• Substantially revises legislative intent as it pertains to ch. 377, part II, F.S., which provides energy resource planning and development policies for Florida. The revisions also provide updated energy policy goals and state policies as they relate to energy resource planning and development.
  • Eliminates a requirement that the Department of Agriculture and Consumer Services (DACS), when analyzing the energy data collected and preparing long-range forecasts of energy supply and demand, forecasts contain plans for the development of renewable energy resources and reduction in dependence on depletable energy resources, particularly oil and natural gas. Instead, such forecasts must contain an analysis of the extent to which domestic energy resources, including renewable energy sources, are being utilized in the state. It also revises certain related considerations and assessments.
  • Revises the duties of the DACS as it relates to the promotion of the development and use of renewable energy sources. The section deletes a requirement that the DACS establish goals and strategies for increasing the use of renewable energy in the state.
  • Prohibits the construction or expansion of:
    • An offshore wind energy facility, including buildings, structures, vessels, and electrical transmission cables to the site.
    • A wind turbine or wind energy facility within one mile of a coastline—defined as the mean high water line.
    • A wind turbine or wind energy facility within one mile of the Atlantic Intracoastal Waterway or Gulf Intracoastal Waterway.
    • A wind turbine or wind energy facility on state waters and submerged lands.
  • Requires the Department of Environmental Protection (DEP) to review federal wind energy lease applications and signify the DEP’s approval or objection.
  • Repeals the Florida Energy and Climate Protection Act (which includes the Renewable Energy and Energy-Efficient Technologies Grants Program), Florida Green Government Grants Act, Energy Economic Zone Pilot Program, and Qualified Energy Conservation Bonds provisions.
  • Provides procedures for handling existing applications and contracts relating to the above repealed programs.
  • Increases the minimum length of an intrastate natural gas pipeline that requires certification under the Natural Gas Transmission Pipeline Siting Act from 15 miles to 100 miles.
  • Prohibits homeowners’ associations from prohibiting certain types or fuel sources of energy production and appliances that use such fuels in their governing documents.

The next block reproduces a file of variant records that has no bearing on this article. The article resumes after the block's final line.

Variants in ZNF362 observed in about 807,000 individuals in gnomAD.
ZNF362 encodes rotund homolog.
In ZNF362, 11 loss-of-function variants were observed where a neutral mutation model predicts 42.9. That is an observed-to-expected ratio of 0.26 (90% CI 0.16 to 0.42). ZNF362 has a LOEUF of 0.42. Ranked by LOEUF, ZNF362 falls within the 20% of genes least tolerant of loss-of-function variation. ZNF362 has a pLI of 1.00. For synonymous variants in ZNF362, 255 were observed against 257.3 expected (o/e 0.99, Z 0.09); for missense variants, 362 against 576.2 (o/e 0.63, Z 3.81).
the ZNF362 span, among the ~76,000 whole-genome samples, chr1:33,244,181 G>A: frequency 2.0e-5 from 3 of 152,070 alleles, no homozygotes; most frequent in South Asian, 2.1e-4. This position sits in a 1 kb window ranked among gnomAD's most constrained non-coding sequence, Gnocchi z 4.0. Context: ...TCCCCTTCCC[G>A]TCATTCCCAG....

• Directs the PSC to coordinate, develop, and recommend a plan under which an assessment of the security and resiliency of the state’s electric grid and natural gas facilities against both physical threats and cyber threats may be conducted. The provision also requires the PSC to submit a report to the Legislature. The PSC, in developing the plan, is to consult with the Division of Emergency Management (DEM) and, in its assessment of cyber threats, with the Florida Digital Service. The PSC must submit its recommended plan to the Governor, the President of the Senate, and the Speaker of the House of Representatives by January 31, 2025.
  • Directs the PSC to study and evaluate, and in consultation with the DEP and the DEM, the technical and economic feasibility of using advanced nuclear power technologies, including small modular reactors (SMRs), to meet the state’s electrical power needs, and research means to encourage and foster the installation and use of such technologies at military installations in the state in partnership with public utilities. The PSC must submit a report to the Governor, the President of the Senate, and the Speaker of the House of Representatives by April 1, 2025.
  • Directs the Florida Department of Transportation (FDOT), in consultation with the Office of Energy within the DACS, to study and evaluate the potential development of hydrogen fueling infrastructure, including fueling stations, to support hydrogen-powered vehicles that use the state highway system. The FDOT must submit a report to the Governor, the President of the Senate, and the Speaker of the House of Representatives by April 1, 2025.
  • Makes technical and conforming changes.

If approved by the Governor, or allowed to become law without the Governor’s signature, these provisions take effect July 1, 2024.

Vote: Senate 28-12; House 81-29